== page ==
Retired Sultan mechanic passes on experience to students

SULTAN — When 79-year-old Bernie Swanson heard Sultan High School was losing a shop teacher, he decided to step in.

The retired mechanic and former owner of Sky Valley Automotive started volunteering more than four years ago to teach small engine repair, welding and wood shop.

Because the school district wanted to implement more elective opportunities with a shrinking budget, district administrators turned to the community.

“We just tried to get people involved in their area of expertise,” Superintendent Dan Chaplik said. “Bernie has been a tremendous help.”

Swanson now is volunteering about three hours a day at the high school.

“I help out where I can,” Swanson said. “I’m not a teacher by any means.”

Still, he has lent his hands and more than three decades of industry experience.

“He’s really good at transferring the knowledge he has through years of experience,” said Sultan shop teacher Dave Cavanaugh, noting Swanson teaches students through demonstration. “He doesn’t stand up and lecture. He’s with them all the way.”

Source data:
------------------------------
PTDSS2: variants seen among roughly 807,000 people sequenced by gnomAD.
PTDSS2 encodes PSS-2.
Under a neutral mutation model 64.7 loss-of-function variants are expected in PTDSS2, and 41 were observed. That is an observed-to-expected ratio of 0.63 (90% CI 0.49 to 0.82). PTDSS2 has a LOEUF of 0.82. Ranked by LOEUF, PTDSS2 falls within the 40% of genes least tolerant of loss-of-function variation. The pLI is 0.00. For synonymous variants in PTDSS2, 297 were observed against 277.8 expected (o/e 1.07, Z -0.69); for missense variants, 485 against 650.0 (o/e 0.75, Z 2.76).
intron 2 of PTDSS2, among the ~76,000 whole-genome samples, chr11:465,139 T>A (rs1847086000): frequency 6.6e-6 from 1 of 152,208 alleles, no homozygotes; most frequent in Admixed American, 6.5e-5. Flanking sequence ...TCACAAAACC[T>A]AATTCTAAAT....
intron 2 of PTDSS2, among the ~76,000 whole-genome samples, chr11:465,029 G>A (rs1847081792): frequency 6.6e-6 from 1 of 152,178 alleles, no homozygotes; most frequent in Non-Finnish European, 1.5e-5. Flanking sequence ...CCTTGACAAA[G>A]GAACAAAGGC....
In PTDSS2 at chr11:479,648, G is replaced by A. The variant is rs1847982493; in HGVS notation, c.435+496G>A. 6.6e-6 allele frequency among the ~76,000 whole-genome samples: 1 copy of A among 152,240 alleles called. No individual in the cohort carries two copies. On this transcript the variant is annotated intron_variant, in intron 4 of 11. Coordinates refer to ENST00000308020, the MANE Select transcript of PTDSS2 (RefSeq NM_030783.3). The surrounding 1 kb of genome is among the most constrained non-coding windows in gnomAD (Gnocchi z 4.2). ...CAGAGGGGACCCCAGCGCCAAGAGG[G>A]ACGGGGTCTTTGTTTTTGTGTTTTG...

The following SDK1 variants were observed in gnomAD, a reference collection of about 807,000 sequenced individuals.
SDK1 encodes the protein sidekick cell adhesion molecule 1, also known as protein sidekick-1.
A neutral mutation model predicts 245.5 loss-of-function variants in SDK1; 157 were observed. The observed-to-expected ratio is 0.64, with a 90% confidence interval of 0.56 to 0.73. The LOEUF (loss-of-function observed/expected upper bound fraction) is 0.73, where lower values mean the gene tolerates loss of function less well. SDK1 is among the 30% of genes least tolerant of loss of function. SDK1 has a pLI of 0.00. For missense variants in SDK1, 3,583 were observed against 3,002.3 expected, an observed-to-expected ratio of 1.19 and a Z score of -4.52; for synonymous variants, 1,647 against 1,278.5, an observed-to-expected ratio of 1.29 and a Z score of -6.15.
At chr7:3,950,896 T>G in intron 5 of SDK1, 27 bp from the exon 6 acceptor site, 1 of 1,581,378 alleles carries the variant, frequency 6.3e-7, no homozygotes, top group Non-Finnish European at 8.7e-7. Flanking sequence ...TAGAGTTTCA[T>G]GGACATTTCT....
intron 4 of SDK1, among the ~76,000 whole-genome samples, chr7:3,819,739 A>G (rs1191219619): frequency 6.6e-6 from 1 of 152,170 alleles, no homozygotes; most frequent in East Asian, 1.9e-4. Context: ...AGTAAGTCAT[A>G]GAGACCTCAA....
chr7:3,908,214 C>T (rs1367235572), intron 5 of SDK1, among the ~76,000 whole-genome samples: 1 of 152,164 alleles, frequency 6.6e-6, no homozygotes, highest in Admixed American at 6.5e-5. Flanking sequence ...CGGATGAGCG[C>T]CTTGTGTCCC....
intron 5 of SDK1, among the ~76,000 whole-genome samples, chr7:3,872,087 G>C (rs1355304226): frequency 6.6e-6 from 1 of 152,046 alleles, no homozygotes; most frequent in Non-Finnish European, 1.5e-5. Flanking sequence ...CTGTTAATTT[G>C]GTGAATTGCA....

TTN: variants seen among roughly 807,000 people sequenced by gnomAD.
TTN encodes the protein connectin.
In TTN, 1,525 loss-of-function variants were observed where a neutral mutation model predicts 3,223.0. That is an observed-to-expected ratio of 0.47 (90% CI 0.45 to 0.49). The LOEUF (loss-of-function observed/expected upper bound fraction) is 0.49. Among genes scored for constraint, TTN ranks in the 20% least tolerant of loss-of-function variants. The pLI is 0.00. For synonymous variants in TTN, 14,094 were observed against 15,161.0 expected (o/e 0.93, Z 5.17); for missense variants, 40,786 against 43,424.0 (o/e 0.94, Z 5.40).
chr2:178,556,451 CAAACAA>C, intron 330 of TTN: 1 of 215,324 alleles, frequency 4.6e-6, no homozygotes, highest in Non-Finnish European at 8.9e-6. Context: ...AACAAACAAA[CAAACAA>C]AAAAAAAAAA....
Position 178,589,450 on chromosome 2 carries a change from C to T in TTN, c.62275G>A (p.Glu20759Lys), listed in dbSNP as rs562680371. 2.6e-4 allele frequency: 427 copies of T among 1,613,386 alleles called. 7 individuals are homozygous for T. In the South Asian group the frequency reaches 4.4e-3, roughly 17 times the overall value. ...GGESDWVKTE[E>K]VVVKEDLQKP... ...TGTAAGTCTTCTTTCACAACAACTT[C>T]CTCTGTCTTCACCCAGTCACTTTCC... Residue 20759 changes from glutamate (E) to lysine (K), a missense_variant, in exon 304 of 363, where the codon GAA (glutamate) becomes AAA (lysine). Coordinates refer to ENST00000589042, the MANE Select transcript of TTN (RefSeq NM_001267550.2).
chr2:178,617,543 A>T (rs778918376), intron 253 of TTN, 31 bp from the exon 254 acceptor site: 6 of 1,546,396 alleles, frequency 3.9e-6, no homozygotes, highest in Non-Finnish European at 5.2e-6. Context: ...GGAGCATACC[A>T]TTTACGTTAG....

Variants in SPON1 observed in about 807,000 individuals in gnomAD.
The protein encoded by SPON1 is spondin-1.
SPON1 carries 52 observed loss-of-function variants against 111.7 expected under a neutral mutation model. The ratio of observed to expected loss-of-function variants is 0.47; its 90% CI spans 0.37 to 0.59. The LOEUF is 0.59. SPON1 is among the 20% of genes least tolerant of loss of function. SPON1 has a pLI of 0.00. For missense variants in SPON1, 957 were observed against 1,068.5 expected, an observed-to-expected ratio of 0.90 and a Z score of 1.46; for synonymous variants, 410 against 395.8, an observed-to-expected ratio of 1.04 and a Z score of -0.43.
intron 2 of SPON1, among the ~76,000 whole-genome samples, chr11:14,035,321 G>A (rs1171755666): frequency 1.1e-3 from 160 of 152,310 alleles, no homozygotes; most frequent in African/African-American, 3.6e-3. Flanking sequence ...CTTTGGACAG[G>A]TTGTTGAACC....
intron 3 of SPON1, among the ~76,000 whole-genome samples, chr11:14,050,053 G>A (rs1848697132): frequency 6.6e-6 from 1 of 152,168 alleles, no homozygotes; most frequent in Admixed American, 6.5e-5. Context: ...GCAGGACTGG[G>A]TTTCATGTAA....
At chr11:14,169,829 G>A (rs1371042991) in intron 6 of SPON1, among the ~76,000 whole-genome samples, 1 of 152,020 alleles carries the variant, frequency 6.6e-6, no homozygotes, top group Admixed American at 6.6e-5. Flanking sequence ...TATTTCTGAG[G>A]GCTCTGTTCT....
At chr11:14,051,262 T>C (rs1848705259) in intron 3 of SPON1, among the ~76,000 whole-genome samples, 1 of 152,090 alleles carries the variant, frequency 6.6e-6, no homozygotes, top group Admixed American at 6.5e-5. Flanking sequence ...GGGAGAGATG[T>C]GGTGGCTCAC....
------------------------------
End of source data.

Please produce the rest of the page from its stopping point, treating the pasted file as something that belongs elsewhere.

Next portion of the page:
Without Swanson’s help, Cavanaugh said, Sultan’s shop programs would be severely curtailed.

In addition to increasing the variety of projects students can take on, two adults makes it easier to supervise the use of dangerous equipment.

Whether students want to join the automotive industry or go on to other careers, Swanson said, they should all have a few life skills learned in shop class.

“They love working with him,” Cavanaugh said. He’s very easy to get along with.”

Swanson tries to impart in his students a sense of work ethic and responsibility.

“They learn to finish the job,” he said. “They treat me with a great deal of respect. And I don’t give them a hard time.”

Swanson began his career as an automotive mechanic in 1959. He owned and operated Sky Valley Automotive for 22 years before he retired in 1996.

Now, Swanson said the students keep him busy as his two daughters are grown. His wife of 56 years, Berline, encouraged him to volunteer in the schools initially.

“The pay is really good too,” he joked. “I do enjoy the kids and they seem to enjoy me.”

Amy Nile: 425-339-3192; anile@heraldnet.com.

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